Human fat is readily obtained from liposuction and frequently used as a filler material for soft tissue augmentation.19,20 Because multiple lipoinjection is frequently necessary for maximizing cosmetic results, some cosmetic surgeons are strongly inclined to store and repeatedly use the harvested fat. Thus, cryopreserved human fat tissue has been intensively investigated,21,22 but there have been few reports about the effects of cryopreservation on ASCs.23-26 The three reports by Thirumalas et al.23-25 studying human ASCs as isolated cells mainly focused on the physical effect of freezing on cell membrane integrity; another report26 focused on ASC yield from cryopreserved fat. To our knowledge, prior to the present study there have been no reports investigating the potential of cryopreserved human ASCs as a tool for cell therapy.
With advances in tissue engineering and regenerative medicine, use of adult stem cells may be a solid therapeutic option in the near future, and our data can contribute to developing protocols for regenerative therapies with cryopreserved ASCs. As for other types of adult stem cells, e.g., hematopoietic stem cells and umbilical cord blood cells, standard cryopreservation protocols have been established, and the safety of long-term storage has been demonstrated.27,28 Based on the findings regarding these antecedent stem cells, it is likely that we can reasonably extend the period of cryopreservation of ASCs, though the safety of doing so should be further examined.
In this study, the influences of different cryoprotective agents and cryopreservation methods were not examined. The cryoprotective agent used in this study contains FBS as a supplement, which contributes to the maintenance of viability of ASCs during freezing and thawing. Given the point-of-view that animal-derived biological ingredients should be completely eliminated from the process for cells to be used clinically in cell therapy, the cryoprotective agent may have to be further optimized for ASC storage.


Figure 1.
Doubling time of fresh and cryopreserved human ASCs.
Five lines of human ASCs before the freezing and thawing process (Fresh) and four lines harvested after 6 months of cryopreservation (Cryopreserved) were assayed for cell proliferation rate, and their doubling times were determined. NS: no significant difference. Values are mean + S.D.

Figure 2.
Chondrogenic potentials of fresh and cryopreserved human ASCs.
A. Four lines of human ASCs prior to the freezing and thawing process (Fresh) and five lines harvested after being cryopreserved for 6 months (Cryopreserved) were subjected to micromass culture in the defined chondrogenic differentiation medium (blue columns) or control medium (grey columns) to assess chondrogenic potential. Micromass sizes were determined using image analysis software on microphotographs with scale as an area [mm2]. NS: no significant difference.
B. Microphotographs of representative sections of micromass. Paraffin-embedded sections were stained with safranin-O and counterstained with hematoxylin: fresh ASCs in chondrogenic medium (above left), fresh ASCs in control medium (above right), cryopreserved ASCs in chondrogenic medium (below left), and cryopreserved ASCs in control medium (below right).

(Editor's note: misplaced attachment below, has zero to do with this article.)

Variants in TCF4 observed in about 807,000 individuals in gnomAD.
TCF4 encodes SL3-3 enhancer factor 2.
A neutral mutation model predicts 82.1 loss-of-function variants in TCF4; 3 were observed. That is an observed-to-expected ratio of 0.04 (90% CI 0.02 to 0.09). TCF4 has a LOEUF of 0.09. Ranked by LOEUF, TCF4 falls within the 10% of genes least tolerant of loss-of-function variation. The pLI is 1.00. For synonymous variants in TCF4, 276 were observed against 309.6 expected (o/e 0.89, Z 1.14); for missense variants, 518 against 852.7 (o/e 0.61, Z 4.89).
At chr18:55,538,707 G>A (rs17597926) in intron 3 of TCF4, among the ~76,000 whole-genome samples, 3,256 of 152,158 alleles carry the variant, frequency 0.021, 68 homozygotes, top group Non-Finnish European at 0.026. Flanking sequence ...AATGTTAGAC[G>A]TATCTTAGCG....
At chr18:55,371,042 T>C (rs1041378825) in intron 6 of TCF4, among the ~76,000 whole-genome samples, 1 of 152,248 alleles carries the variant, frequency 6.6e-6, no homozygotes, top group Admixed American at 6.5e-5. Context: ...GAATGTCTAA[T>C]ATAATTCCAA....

Figure 3.
Osteogenic differentiation potentials of human adipose-derived stem cells (ASCs) before and after long-term cryopreservation.
A. Fresh (red lines) and cryopreserved (blue lines) ASCs derived from a single patient were assayed for calcium deposition after 1, 2, 3, and 4 weeks of cell culture with osteogenic differentiation medium (closed circles) or control medium (closed rectangles). Fresh ASCs with (Fresh/induced) or without (Fresh/uninduced) osteogenic induction are indicated with red circles and red rectangles, respectively; cryopreserved ASCs with (Cryopreserved/induced) or without (Cryopreserved/induced) osteogenic induction are indicated with blue circles and blue rectangles, respectively.
B. Five lines of human ASCs prior to the freezing and thawing process (Fresh) and four lines after cryopreservation for 6 months (Cryopreserved) were assayed for calcium deposition to assess osteogenic potential with (blue columns) or without (grey columns) osteogenic induction. NS: no significant difference.

Figure 4.
Adipogenic differentiation potentials of human ASCs before and after long-term cryopreservation.
A. Fresh and cryopreserved ASCs derived from the same patient were assayed for oil deposition as a quantification of adipogenic differentiation at the indicated time point. Fresh ASCs with (Fresh/induced) or without (Fresh/uninduced) osteogenic induction are indicated with red circles and red rectangles, respectively; cryopreserved ASCs with (Cryopreserved/induced) or without (Cryopreserved/induced) osteogenic induction are indicated with blue circles and blue rectangles, respectively.
B. Five lines of human ASCs prior to the freezing and thawing process (Fresh) and four lines after cryopreservation for 6 months (Cryopreserved) were assayed for lipid deposition to assess adipogenic potential with (blue columns) or without (grey columns) adipogenic induction. NS: no significant difference.

Fig. 5.
Representative data of cell surface marker expression in fresh and cryopreserved ASCs (passages 0 and 7) obtained from a single patient.